After the drama around the stream of the X-Wing Finals at Canadian Nationals this past weekend and other incidents that have occurred in previous weeks, we at VTTV wanted to release a statement clarifying our position on the role of stream viewers and casters at an event as well as outlining exactly what happened this weekend. We are not looking to engage in a debate about the decisions that we or the judges made and intend for this to be our final word on the matter.
First, our position is that only people at the event can be considered to fill the Spectator role. As such, information originating from the stream and not observed first-hand by someone on the streaming team will not be taken to a leader at the event. Below is the relevant paragraph from the Tournament Regulations:
A spectator is any individual at a tournament not actively engaging in another role. Spectators must not disturb an ongoing game, and cannot provide any input or assistance to players during their games. If a spectator believes they have witnessed a breach of the rules in a game they are watching, other than a missed opportunity, he or she may bring it to the attention of a leader.
In addition to the above, the information from the stream can be incorrect or may not have full context of the match being played. That obviously was not the case this weekend, but has occurred in the past and we will not risk acting on bad information if we do not have someone who witnessed events directly.
Note that casters themselves do qualify as Spectators and can go to a leader with something that they witnessed directly. They may also, in some situations, solicit the stream for confirmation of something that they thought they saw. We have also had judges helping out with commentary or producing the stream that can intervene in the match directly. We try to avoid that situation as much as possible, but when there isn’t another judge available who is familiar with the rules we will help out, as was done for some events this weekend when the primary judges were not available.
X-Wing Nationals Incident
As for the specific infraction at Nationals; in the final match there was a situation where a ship (“Quickdraw”) was hit with a Harpoon missile but neither player remembered to assign the “Harpooned!” condition token. Later in the same Combat phase the ship (“Quickdraw”) was hit by an uncanceled critical result which would have triggered the “Harpooned!” condition, again neither player noticed or resolved the “Harpooned!” condition.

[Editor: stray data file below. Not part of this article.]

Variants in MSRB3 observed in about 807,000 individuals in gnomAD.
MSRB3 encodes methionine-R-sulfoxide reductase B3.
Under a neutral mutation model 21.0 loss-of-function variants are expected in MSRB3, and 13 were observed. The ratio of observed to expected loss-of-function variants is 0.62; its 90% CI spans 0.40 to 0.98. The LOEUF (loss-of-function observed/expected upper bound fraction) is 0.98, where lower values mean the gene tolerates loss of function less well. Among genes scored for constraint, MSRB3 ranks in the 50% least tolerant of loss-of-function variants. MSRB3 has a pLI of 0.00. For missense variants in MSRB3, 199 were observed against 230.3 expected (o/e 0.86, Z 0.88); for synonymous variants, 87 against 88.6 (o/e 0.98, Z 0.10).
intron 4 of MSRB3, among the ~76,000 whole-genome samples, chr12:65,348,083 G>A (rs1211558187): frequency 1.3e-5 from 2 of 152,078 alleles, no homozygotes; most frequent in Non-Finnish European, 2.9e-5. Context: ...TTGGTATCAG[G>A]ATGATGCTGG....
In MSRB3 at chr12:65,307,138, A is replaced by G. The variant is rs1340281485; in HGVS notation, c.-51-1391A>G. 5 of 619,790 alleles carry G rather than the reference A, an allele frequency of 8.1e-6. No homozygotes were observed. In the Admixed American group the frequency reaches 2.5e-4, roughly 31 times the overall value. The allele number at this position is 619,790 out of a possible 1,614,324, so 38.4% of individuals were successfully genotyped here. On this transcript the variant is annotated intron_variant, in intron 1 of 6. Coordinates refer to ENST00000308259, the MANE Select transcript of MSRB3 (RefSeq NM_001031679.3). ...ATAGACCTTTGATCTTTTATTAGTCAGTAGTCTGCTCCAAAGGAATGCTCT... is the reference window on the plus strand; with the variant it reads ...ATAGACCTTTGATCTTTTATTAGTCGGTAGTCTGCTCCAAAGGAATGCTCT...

The table judges observing the match did not catch it, nor did the dozen spectators watching nearby. The two commentators and stream producer did not catch it. A bunch of exhausted humans missed a token. Some of the 700 viewers on stream did notice and reported it in chat. The stream producer reiterated the VTTV policy in chat on Spectators and the stream. The Chat, which was already angry the missed call, escalated demands to inform a judge. Finally, an X-Wing community member called one of the participants of the match directly and asked to speak to a judge and, on speakerphone, started to explain what had been missed. The judges explained how they would rule it. At that point, the player hung up the phone. This is how the two judges present ruled:
The players had already begun the next round and had exited the planning phase. In order to minimize disruption to the current game state, it was ruled that the “Harpooned!” condition would be considered to have never been applied to “Quickdraw”.
This also meant that when Quickdraw was later destroyed, the Harpooned! condition was not present and would not trigger. You may or may not agree with this ruling. But judges have to make tough calls all the time and we believe that the judge team we had did a amazing job all weekend. And as the team running the stream, we believe that it is completely inappropriate for players not present at the event to attempt to contact judges directly.
Both players were a class act about the whole situation and I’d like to thank them for that. I hope they don’t suffer too much grief because they agreed to appear on stream.
The level of vitriol we saw both in stream chat and in some of the subsequent posts elsewhere on the internet is incredibly disappointing. It is never appropriate to insult or otherwise verbally attack casters about a stated policy. Anybody who does this in the future will be banned from chat. Full stop. The same goes for any verbal attacks against players, judges or commentators.
This kind of drama will be a reason why venues decide it’s not worth the hassle of allowing anyone to film at their event. It already is a reason why players decline to appear on stream. It will be why judges decide that they aren’t going to volunteer their time to help at events. And it will be why streamers decide that it’s not worth it to invest in producing content. So, even if you think this kind of crap is just the way it is on the internet and people need to have thicker skin, consider whether you want your behaviour to lead to less event coverage in the future.
Thank you to all the players that came out to Canadian Nationals this weekend. We were stuck behind the booth for most of it, but we hope you all had a great time. Congratulations to all the new champions that were crowned this weekend. I hope those that can attend Worlds this year go on to a strong showing there. We’ll be cheering you on. And thank you to all the viewers who turned in this weekend and decided not to engage in a witch hunt or other abuse. It was fun talking with you in chat and I hope you tune in for future events.
– Victor & Travis.
FINAL UPDATE: It was not our intention to publish this with comments enabled. We have no interest in hosting further debate here. We will be disabling comments shortly and removing any current comments. We have also made some minor edits to the characterization of the phone call as it was not relevant to this statement.